Enable (John Gosden)

Enable has won 10 Group Ones to date
Enable has won 10 Group Ones to date (Julian Herbert/PA)

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It is not difficult to argue a case that Enable is the best racemare Abdullah has ever owned. A 12-race unbeaten run, kicking off in May 2017 and running through to October 2019, encompassing 10 Group One victories, really is the stuff of dreams. Her haul includes the English-Irish Oaks double in 2017, the 2018 Breeders’ Cup Turf and, of course, back-to-back wins in the Prix de l’Arc de Triomphe. She also became the first three-time winner of the King George VI and Queen Elizabeth Stakes at Ascot last summer.

Frankel (Sir Henry Cecil)

Frankel spreadeagled his rivals in the 2000 Guineas
Frankel spreadeagled his rivals in the 2000 Guineas (Steve Parsons/PA)

A 14-race career that had not a blemish, and included 10 Group Ones, there is not much new that can be said about Frankel, who might have been the late, great Sir Henry Cecil’s finest work. While possibly not his best performance on the book, his 2000 Guineas demolition job, perfectly accompanied by astonished commentator Ian Bartlett screaming “he’s 15 lengths clear”, will live long in the memory. Having carried all before him at a mile, he stepped up to 10 furlongs and was just as effective, leaving a host of Group One winners in his wake at York in the Juddmonte International, sponsored by his owner.

Zafonic (Andre Fabre)

Zafonic bursts clear to win the 2000 Guineas in 1993
Zafonic bursts clear to win the 2000 Guineas in 1993 (Fiona Hanson/PA)

His spell of brilliance did not last as long as some, but on his day Zafonic was right up with the best. Unfortunately for his connections he was a precocious type and would never hit the heights once promised, but he did win the 2000 Guineas. Unbeaten at two, he won three Group Ones in the Prix Morny, Prix de la Salamandre and the Dewhurst at Newmarket. He lost his unbeaten record first time out at three to Kingmambo, but bolted up back at Newmarket, breaking a long-standing course record. On his only other start he burst a blood vessel in the Sussex Stakes and was subsequently retired.

Commander In Chief (Sir Henry Cecil)

Sir Henry Cecil (left) enjoyed some great days with Khalid Abdullah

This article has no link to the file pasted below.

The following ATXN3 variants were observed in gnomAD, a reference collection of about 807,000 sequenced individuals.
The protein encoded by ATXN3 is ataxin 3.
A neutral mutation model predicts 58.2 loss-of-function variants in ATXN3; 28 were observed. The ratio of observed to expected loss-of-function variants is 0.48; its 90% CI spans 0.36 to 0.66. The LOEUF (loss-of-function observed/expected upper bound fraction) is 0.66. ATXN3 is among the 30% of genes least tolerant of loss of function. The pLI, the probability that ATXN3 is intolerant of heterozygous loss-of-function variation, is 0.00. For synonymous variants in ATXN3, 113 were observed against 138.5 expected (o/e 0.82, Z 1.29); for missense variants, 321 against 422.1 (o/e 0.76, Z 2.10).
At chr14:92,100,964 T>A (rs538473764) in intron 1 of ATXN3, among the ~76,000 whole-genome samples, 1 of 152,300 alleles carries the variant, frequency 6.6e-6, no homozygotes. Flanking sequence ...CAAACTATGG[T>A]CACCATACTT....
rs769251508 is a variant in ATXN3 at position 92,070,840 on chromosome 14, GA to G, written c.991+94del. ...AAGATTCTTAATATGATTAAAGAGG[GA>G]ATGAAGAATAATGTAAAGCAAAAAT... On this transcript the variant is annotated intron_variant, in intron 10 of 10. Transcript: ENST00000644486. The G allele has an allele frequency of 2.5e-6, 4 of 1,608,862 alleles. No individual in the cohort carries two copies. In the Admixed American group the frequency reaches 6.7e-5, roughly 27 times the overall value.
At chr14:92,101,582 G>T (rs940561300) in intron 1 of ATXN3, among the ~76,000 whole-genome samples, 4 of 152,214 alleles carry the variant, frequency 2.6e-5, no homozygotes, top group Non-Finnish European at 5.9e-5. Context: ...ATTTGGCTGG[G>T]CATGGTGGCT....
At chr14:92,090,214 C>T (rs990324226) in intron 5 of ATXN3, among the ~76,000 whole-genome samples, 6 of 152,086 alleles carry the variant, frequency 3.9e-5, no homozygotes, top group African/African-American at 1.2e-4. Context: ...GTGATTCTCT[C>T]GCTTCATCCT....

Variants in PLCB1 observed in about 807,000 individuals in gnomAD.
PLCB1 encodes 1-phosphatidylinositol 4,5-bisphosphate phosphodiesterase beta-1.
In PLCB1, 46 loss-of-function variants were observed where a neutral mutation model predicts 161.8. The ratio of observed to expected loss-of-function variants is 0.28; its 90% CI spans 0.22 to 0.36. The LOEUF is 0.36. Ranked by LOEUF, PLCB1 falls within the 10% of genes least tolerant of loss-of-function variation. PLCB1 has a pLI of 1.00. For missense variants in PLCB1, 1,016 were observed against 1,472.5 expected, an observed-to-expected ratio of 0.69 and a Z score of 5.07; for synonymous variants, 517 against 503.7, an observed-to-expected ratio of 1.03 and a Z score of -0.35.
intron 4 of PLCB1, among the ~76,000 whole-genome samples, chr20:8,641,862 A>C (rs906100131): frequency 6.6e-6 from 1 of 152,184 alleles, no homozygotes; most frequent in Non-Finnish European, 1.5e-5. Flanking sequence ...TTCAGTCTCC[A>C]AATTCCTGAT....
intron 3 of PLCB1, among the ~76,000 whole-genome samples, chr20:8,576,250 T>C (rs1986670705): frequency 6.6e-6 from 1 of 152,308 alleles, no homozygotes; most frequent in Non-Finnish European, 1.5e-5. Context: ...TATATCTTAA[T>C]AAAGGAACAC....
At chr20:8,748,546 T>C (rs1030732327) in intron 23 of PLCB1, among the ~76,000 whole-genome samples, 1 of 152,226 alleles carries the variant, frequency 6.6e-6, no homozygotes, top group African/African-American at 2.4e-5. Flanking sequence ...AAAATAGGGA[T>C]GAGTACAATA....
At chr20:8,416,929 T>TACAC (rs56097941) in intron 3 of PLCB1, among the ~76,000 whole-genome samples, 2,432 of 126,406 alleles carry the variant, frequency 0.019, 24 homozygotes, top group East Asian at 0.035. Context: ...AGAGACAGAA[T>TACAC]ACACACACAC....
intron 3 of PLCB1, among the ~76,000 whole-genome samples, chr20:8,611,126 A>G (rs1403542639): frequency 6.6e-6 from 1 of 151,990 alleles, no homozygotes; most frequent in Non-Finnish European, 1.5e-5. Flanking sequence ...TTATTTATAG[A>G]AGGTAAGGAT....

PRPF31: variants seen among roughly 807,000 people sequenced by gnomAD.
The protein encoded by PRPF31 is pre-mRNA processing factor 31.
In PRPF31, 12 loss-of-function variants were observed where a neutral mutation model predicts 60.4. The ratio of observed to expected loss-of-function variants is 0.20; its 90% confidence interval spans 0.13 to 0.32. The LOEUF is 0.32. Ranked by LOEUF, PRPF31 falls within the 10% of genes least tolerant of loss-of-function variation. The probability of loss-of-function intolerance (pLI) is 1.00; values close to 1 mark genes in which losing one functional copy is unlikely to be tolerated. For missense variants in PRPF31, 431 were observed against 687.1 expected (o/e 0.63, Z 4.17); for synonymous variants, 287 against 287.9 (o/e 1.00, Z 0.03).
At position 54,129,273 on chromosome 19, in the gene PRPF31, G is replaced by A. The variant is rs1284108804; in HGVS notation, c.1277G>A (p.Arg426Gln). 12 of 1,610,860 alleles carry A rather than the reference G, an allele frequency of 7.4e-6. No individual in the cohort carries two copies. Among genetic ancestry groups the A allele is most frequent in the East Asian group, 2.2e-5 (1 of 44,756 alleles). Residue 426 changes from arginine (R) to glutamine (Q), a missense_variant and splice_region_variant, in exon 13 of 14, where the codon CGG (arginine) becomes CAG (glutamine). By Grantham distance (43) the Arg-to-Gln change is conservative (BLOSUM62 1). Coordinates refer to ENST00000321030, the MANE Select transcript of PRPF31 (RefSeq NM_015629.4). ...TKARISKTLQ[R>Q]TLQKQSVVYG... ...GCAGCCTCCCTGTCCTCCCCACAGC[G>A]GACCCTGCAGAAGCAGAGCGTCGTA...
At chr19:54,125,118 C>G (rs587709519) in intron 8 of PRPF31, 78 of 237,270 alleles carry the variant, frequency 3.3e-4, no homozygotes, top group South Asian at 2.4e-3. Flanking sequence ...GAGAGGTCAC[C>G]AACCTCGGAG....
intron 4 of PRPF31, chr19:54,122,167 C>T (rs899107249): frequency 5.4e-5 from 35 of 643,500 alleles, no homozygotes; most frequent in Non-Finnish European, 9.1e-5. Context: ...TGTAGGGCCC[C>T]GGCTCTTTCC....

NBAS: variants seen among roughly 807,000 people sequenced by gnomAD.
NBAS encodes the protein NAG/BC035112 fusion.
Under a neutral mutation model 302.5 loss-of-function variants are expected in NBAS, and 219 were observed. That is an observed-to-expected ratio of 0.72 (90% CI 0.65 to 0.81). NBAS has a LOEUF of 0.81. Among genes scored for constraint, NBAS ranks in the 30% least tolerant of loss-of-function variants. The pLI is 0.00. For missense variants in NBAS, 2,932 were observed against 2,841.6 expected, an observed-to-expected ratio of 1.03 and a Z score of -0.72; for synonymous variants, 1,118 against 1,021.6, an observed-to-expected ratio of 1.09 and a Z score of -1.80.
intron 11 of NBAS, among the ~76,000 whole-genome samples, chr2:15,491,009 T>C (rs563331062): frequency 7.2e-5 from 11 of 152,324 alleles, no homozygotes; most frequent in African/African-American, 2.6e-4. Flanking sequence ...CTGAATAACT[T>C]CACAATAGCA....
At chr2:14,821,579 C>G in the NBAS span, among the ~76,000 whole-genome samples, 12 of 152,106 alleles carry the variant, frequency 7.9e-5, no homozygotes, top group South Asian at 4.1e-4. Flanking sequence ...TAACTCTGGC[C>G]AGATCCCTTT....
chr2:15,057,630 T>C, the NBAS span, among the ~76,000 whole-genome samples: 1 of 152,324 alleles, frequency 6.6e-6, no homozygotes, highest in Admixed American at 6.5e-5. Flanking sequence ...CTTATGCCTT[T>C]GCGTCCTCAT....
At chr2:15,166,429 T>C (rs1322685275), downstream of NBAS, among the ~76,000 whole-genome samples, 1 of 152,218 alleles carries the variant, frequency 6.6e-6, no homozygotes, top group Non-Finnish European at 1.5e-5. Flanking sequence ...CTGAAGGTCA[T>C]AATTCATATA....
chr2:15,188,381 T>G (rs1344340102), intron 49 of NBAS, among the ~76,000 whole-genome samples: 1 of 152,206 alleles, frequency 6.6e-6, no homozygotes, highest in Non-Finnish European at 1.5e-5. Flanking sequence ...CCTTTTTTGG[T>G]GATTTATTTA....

Sir Henry Cecil (left) enjoyed some great days with Khalid Abdullah (Phil Cole/PA)

A typical late bloomer. Unraced at two, Commander In Chief even ran in Abdullah’s second colours for his finest hour, when winning the Derby in 1993. Having won three small races, Cecil opted to go for the Derby, a race in which he already had the Abdullah-owned odds-on favourite Tenby. However, the market leader could finish only 10th as Commander In Chief and Mick Kinane charged to an impressive victory. He went on to follow up in the Irish Derby.

Midday (Sir Henry Cecil)

Sir Henry Cecil with Tom Queally and Midday at Goodwood
Sir Henry Cecil with Tom Queally and Midday at Goodwood (Max Nash/PA)

The majestic Midday won just one of her four juvenile outings, but really came into her own as she got older, finishing second in the Oaks at Epsom and third in the Irish equivalent, before bagging her first Group One in the Nassau Stakes at Goodwood. Another six top-level successes were to follow, including two more wins in the Nassau and a day to remember in the Breeders’ Cup Filly & Mare Turf at Santa Anita.

Arrogate (Bob Baffert)

Arrogate has won more prize-money than any other horse
Arrogate has won more prize-money than any other horse (Asuncion Pineyrua/Juddmonte)

Abdullah’s success is far from confined to Europe – and his colours have been carried to many big-race victories in America, where undoubtedly his best performer has been Arrogate. Despite failing to run in any of the Triple Crown races, he was champion three-year-old in 2016 – courtesy of a five-race winning streak culminating in the Breeders’ Cup Classic. He then went on to win the inaugural Pegasus World Cup before winning the Dubai World Cup, taking his career earnings to more than £13.5million.